The rich cultural tapestry of Kenya and Tanzania
Most visitors want a holistic safari experience. Sure, spotting incredible wildlife and being accompanied by knowledgeable guides are still the main highlights, but travellers also want to immerse themselves in the local culture, and there are plenty of interesting ways to do just that.
- Follow in the footsteps of East Africa’s tribes combining time spent with Maasai people.
- Stay at Campi ya Kanziat Chyulu Hills in southern Kenya on a Maasai-owned wilderness reserve.
- Spend time at Segera Retreat in Kenya for genuine cultural experiences such as visiting a Samburu village, meeting women who manage a beading collective, and spending time in a nearby school.
Choosing your safari: Guide to safari types in Kenya and Tanzania
There are so many options when planning a safari in Kenya and Tanzania. Choose the right kind of safari to ensure you have the best type of ‘wild’ time to suit you and your travel partners.
Going upmarket means luxurious touches, small intimate camps, and game drives where you may not see any other tourists at all.
Tip: Discover the wonders of Kenya on an exciting 9-day safari that offers an abundance of wildlife, stunning scenery, and luxurious tented camps. You’ll have the opportunity to bask in the beauty of Lake Elmenteita’s sapphire-blue waters, explore the vast open savannas of Laikipia to spot rare northern species such as Beisa Oryx, and take exhilarating Big Five game drives on the Masai Mara plains.
This is the most authentic way to see Africa at close hand without sacrificing too many creature comforts.
Tip: From May to July, you can find the Legendary Serengeti Camp in the western part of Serengeti National Park in Tanzania. It’s set in a beautiful spot in Nyasarori, surrounded by acacia trees and close to the Grumeti River. This is when the wildebeest migration passes through, and the males engage in intense battles for dominance. You’ll witness some thrilling wildlife action!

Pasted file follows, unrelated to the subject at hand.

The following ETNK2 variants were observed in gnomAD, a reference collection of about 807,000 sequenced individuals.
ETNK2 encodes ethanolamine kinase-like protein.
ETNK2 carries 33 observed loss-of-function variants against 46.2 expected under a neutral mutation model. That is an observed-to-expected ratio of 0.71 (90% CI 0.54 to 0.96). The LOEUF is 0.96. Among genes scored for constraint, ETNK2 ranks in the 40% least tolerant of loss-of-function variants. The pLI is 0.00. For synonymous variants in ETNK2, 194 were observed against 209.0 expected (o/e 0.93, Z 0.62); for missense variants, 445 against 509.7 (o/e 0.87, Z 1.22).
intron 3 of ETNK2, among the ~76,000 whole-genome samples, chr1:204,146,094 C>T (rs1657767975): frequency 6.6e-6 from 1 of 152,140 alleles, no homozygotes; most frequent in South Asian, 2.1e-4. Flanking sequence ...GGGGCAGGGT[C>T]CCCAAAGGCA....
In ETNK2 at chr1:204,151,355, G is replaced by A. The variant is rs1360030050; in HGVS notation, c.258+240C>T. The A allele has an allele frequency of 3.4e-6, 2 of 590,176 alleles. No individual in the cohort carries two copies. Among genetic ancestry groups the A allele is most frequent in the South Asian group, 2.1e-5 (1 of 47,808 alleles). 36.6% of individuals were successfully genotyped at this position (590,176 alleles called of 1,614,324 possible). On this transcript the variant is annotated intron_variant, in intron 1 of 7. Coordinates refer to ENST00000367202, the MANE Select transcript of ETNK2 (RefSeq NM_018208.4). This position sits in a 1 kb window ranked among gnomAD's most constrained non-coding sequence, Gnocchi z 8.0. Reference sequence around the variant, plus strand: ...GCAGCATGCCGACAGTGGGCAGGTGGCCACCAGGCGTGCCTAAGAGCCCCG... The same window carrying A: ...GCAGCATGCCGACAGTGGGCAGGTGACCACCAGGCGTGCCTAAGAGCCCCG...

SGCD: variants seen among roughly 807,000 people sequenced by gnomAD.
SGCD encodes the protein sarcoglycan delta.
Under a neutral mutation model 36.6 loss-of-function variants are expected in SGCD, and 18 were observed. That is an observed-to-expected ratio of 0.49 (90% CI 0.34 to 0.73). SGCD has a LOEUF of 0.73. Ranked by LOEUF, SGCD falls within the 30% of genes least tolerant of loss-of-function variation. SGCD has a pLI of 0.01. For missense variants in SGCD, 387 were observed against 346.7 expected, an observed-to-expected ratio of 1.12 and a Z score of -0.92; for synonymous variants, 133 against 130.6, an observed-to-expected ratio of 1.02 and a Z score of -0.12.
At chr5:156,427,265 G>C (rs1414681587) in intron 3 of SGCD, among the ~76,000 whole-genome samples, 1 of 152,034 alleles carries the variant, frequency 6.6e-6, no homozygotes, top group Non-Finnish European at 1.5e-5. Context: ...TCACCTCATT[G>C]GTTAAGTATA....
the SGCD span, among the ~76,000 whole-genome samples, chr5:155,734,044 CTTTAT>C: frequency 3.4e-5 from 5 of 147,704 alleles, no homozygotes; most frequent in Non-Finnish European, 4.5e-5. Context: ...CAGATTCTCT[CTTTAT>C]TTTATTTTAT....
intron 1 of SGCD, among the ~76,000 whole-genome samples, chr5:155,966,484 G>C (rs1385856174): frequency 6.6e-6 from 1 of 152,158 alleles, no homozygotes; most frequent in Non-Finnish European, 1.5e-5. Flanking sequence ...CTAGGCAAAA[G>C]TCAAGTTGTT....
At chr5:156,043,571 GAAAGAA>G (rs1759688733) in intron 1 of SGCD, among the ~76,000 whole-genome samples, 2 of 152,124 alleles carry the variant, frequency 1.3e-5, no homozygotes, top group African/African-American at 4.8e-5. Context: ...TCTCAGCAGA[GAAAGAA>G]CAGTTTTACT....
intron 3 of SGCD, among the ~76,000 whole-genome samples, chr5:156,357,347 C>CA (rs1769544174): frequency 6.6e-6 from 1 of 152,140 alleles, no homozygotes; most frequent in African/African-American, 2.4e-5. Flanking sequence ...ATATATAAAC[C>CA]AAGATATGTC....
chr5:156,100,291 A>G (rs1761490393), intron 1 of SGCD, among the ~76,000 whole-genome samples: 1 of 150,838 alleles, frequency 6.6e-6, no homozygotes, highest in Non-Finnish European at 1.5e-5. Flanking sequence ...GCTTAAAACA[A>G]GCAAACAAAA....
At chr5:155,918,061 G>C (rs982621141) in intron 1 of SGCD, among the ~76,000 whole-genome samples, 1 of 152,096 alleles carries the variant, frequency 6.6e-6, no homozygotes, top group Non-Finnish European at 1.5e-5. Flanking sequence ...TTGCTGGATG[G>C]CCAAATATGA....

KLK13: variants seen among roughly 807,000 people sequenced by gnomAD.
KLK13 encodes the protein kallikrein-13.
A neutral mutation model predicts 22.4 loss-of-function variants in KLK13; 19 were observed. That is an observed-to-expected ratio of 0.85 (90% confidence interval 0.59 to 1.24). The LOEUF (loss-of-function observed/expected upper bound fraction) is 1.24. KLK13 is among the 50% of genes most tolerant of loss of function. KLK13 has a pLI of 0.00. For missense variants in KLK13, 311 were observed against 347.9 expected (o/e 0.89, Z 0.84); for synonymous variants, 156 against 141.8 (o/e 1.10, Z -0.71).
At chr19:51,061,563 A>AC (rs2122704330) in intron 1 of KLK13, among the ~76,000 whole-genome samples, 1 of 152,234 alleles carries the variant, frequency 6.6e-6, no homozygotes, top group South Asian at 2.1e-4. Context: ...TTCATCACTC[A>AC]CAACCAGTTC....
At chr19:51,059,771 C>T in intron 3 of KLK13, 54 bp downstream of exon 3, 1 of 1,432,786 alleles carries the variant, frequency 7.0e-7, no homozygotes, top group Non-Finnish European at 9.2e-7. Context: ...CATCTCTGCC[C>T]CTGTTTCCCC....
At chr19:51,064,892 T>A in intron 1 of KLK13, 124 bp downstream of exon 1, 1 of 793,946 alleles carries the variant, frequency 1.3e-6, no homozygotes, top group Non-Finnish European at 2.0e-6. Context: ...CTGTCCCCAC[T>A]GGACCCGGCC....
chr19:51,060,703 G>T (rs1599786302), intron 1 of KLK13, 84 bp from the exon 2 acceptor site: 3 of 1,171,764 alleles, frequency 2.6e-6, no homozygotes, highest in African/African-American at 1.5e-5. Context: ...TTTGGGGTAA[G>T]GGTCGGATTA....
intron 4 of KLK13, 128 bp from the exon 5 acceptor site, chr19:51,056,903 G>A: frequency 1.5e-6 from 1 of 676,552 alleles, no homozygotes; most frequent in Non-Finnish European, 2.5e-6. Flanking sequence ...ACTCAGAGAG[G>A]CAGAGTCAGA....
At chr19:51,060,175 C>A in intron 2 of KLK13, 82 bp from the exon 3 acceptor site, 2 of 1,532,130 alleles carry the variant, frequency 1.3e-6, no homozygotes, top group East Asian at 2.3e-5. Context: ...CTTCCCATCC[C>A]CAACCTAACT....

Unlike a game drive, a walking safari enables you to fully immerse yourself in the bush’s sights, scents, and hues.
Tip: Start your 10-day Tanzania safari with game drives and walking safaris in the remote south of Tarangire National Park. Move on to a stunning camp in Ngorongoro Crater’s highlands. Finish your adventure in the eastern Serengeti, known for its big cats.
A tempting proposition: first, a trip to the land of the Big Five, then an opportunity to unwind next to the Indian Ocean.
Tip: Experience the ultimate 12-night East Africa and island adventure! Discover Tanzania’s stunning wildlife at the Serengeti and Arusha National Parks during your 6-night stay at Singita Serengeti Grumeti. Take in the breathtaking views of Mount Kilimanjaro and Mount Meru before heading to the Maldives for a relaxing beach getaway.
What you need to know: Prepping for your trip to Kenya and Tanzania
What to pack
Opt for casual attire and skip whites, blacks, and blues (they can attract tsetse flies in certain areas). Long sleeves and pants will help keep mosquitos at bay. Bring a cosy jacket to keep you warm during evening game drives. It’s winter in the southern hemisphere during the middle months of the year, and mornings and nights can be chilly.
Bring a camera and binoculars
With improved smartphone cameras, some travellers skip actual cameras, but charging can be an issue on safari. Bring a camera and rent/buy a telephoto lens. If you don’t have one, get one. The photos will be unforgettable.
What to expect on game drives
Road transfers and game drives are conducted in enclosed 4x4s with large windows and pop-up roofs. Game drives occur early morning and late afternoon when wildlife is most active, so be ready for early starts. Remember, this is not a zoo, and animals are not always present. You may only spot them about a third of the time, but the rest of the time, you can enjoy scenic views and learn about wildlife from your guide.
Note local etiquette
Good manners go a long way in Kenya and Tanzania, so be polite when taking photos of the locals. Just ask for permission and be ready for a possible request for a small reward, especially in busy tourist spots.
Don’t expect the comforts of home
Safari lodges offer luxury amidst stunning design but expect some challenges due to their remote locations and limited infrastructure. Be prepared to wait for solar-heated water, for example. Lodges rely on solar power and may have limited Wi-Fi, so embrace this chance to disconnect.
Ready to plan your safari to Kenya or Tanzania?
Don’t make the mistake of cramming too much into a Kenyan and Tanzanian safari. Rushing to see everything in a week will leave you exhausted instead of relaxed. It’s impossible to see all of Africa, or even one country, in one trip. Contact GILTEDGE for expert advice on your next adventure.